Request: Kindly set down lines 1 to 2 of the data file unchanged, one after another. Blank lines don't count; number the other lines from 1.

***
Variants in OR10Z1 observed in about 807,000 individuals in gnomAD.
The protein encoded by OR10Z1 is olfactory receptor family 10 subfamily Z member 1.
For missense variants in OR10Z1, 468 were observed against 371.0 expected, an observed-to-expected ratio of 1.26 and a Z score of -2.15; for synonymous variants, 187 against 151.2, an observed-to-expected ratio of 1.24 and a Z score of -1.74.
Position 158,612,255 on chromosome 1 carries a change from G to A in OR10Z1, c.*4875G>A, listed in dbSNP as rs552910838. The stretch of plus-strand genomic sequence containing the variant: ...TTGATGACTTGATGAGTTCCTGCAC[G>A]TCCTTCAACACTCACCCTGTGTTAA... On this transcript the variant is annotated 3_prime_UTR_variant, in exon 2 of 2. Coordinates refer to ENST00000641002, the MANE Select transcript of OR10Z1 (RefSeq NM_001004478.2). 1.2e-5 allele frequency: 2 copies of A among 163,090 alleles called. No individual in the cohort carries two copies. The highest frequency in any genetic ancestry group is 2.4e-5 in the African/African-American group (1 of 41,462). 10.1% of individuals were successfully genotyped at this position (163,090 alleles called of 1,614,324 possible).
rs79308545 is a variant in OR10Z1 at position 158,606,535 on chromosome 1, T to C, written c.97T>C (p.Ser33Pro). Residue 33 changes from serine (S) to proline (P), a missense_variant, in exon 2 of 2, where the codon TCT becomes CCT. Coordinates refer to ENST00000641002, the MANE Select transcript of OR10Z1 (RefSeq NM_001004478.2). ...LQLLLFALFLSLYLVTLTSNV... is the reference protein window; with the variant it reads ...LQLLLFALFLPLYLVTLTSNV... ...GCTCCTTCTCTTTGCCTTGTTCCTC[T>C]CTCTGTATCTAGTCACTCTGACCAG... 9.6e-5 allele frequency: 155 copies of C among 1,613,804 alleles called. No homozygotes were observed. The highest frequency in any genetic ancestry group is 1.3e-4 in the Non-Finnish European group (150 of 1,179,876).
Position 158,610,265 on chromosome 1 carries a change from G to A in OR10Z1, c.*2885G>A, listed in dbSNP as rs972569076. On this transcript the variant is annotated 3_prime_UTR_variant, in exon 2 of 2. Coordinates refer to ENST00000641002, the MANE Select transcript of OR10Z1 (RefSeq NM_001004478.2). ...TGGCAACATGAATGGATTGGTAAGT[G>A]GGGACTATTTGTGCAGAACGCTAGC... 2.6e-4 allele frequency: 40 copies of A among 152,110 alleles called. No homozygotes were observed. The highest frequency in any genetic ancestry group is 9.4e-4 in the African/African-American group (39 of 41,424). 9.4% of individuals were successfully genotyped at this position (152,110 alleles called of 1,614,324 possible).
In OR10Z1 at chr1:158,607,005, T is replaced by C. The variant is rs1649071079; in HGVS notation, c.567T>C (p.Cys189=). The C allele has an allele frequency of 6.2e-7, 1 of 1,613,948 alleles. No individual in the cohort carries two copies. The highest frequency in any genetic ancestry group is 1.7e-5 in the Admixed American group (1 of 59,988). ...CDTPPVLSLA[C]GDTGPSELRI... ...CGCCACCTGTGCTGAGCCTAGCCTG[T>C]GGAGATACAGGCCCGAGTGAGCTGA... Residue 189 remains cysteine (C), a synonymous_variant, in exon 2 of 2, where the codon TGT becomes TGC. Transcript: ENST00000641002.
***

Variants in OR10Z1 observed in about 807,000 individuals in gnomAD.
The protein encoded by OR10Z1 is olfactory receptor family 10 subfamily Z member 1.